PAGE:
The final change of 125 spots when evaluators were able to see Hookfin in action as a senior represented only 12.5 percent of his overall rise — the opinions on the Sugar Land Dulles product had already calcified by that point.

If anything, the rise of Hookfin represents something of a correction for evaluators who haven’t put enough value on offensive linemen with all the tools to succeed except for the ideal weight to contribute early.

Myron Warren was a public mystery until he released his senior film

Change since first ranking: +560

Want to create a profile for an underrated and under-evaluated prospect? Put them in a small town of less than 3,000 people. Keep them off the camp circuit. And make sure they don’t have any available film until late in the process.

Meet defensive end Myron Warren, the product of Many, Louisiana, situated south of Shreveport and north of Lake Charles.

For a serious evaluator, the commitment of the 6’3, 240-pounder in early May of 2018 to TCU would be a sign to pay attention to that prospect. Horned Frogs head coach Gary Patterson unquestionably knows his business, after all. Unsurprisingly, Warren saw his ranking improve by 234 spots late that month.

In early October, Texas offered, sparking a decommitment from TCU. At the time, however, Warren was largely a mystery because he didn’t have any publicly-available film.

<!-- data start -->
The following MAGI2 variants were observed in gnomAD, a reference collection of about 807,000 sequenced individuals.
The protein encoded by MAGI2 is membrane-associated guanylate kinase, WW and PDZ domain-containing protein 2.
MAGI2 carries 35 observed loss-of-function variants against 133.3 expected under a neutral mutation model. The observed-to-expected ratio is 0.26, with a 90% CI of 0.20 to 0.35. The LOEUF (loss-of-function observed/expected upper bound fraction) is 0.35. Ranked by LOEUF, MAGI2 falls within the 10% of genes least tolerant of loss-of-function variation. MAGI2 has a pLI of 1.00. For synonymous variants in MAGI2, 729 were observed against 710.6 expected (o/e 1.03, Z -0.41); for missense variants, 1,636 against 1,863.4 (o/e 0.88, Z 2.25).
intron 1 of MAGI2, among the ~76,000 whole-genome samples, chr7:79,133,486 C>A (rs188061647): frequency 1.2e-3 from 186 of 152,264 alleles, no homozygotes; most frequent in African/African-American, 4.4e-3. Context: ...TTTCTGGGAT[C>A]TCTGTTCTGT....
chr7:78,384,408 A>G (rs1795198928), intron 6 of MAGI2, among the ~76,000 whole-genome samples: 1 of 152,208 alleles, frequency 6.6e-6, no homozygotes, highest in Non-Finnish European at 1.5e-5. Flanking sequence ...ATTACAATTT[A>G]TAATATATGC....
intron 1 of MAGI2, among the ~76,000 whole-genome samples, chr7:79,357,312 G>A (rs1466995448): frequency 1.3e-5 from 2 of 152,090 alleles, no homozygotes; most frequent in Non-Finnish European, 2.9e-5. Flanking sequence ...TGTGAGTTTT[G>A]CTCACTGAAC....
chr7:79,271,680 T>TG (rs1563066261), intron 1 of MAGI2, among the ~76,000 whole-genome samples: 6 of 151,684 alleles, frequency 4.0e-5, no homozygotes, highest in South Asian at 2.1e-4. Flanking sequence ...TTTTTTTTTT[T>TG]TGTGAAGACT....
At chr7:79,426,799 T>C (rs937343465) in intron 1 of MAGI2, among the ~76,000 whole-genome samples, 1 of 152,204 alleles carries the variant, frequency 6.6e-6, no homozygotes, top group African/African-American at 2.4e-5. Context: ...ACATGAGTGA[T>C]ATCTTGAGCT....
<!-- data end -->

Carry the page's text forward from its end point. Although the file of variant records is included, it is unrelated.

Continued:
After he committed to the Longhorns in mid-November two days after taking his official visit, he was still largely a mystery. And then, in early December, he finally released his senior film, which revealed a physical specimen with significant upside. Clips of his basketball highlights showed a player with the ability and intent to dunk on anyone in his way.

“Excels at basketball, very explosive,” Herman said of Warren. “He’s a guy that, especially when you see him play basketball, you’re just amazed at how a guy that big can move that way.”

Between the release of Warren’s film and the mot recent rankings update, those attributes Warren displayed in spades resulted in him moving up 269 spots in the rankings. Racking up 14 sacks and 30 tackles for loss will do that. Evaluators be evaluating.

The Horns now have the No. 3 class nationally according to the 247Sports Composite rankings, aided significantly by the addition of McCoy, but the presence in the class of late-rising prospects like Hookfin, Warren, and Owens is a not-insignificant reason why Texas is in position to once again end a cycle with an elite group of prospects.